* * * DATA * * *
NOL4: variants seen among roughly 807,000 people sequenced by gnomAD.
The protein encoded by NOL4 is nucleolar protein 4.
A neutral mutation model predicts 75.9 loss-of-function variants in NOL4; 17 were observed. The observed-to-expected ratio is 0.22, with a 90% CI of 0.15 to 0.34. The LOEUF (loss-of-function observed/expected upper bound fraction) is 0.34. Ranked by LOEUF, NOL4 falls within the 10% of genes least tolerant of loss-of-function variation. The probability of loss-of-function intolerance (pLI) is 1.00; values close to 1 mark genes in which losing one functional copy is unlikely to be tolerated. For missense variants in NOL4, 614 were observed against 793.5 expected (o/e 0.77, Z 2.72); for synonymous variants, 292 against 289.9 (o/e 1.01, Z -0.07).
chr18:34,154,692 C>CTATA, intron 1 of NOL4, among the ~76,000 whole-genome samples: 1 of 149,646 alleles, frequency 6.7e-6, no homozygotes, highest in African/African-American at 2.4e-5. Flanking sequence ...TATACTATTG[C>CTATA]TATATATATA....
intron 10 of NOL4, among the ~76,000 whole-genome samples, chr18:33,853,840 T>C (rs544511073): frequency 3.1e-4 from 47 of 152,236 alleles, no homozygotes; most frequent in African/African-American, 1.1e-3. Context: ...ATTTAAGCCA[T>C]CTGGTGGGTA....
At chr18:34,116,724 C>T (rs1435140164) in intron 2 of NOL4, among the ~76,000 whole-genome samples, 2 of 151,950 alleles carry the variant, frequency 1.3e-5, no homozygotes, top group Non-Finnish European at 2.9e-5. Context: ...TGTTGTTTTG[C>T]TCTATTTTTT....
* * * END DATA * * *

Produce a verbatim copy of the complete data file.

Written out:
NOL4: variants seen among roughly 807,000 people sequenced by gnomAD.
The protein encoded by NOL4 is nucleolar protein 4.
A neutral mutation model predicts 75.9 loss-of-function variants in NOL4; 17 were observed. The observed-to-expected ratio is 0.22, with a 90% CI of 0.15 to 0.34. The LOEUF (loss-of-function observed/expected upper bound fraction) is 0.34. Ranked by LOEUF, NOL4 falls within the 10% of genes least tolerant of loss-of-function variation. The probability of loss-of-function intolerance (pLI) is 1.00; values close to 1 mark genes in which losing one functional copy is unlikely to be tolerated. For missense variants in NOL4, 614 were observed against 793.5 expected (o/e 0.77, Z 2.72); for synonymous variants, 292 against 289.9 (o/e 1.01, Z -0.07).
chr18:34,154,692 C>CTATA, intron 1 of NOL4, among the ~76,000 whole-genome samples: 1 of 149,646 alleles, frequency 6.7e-6, no homozygotes, highest in African/African-American at 2.4e-5. Flanking sequence ...TATACTATTG[C>CTATA]TATATATATA....
intron 10 of NOL4, among the ~76,000 whole-genome samples, chr18:33,853,840 T>C (rs544511073): frequency 3.1e-4 from 47 of 152,236 alleles, no homozygotes; most frequent in African/African-American, 1.1e-3. Context: ...ATTTAAGCCA[T>C]CTGGTGGGTA....
At chr18:34,116,724 C>T (rs1435140164) in intron 2 of NOL4, among the ~76,000 whole-genome samples, 2 of 151,950 alleles carry the variant, frequency 1.3e-5, no homozygotes, top group Non-Finnish European at 2.9e-5. Context: ...TGTTGTTTTG[C>T]TCTATTTTTT....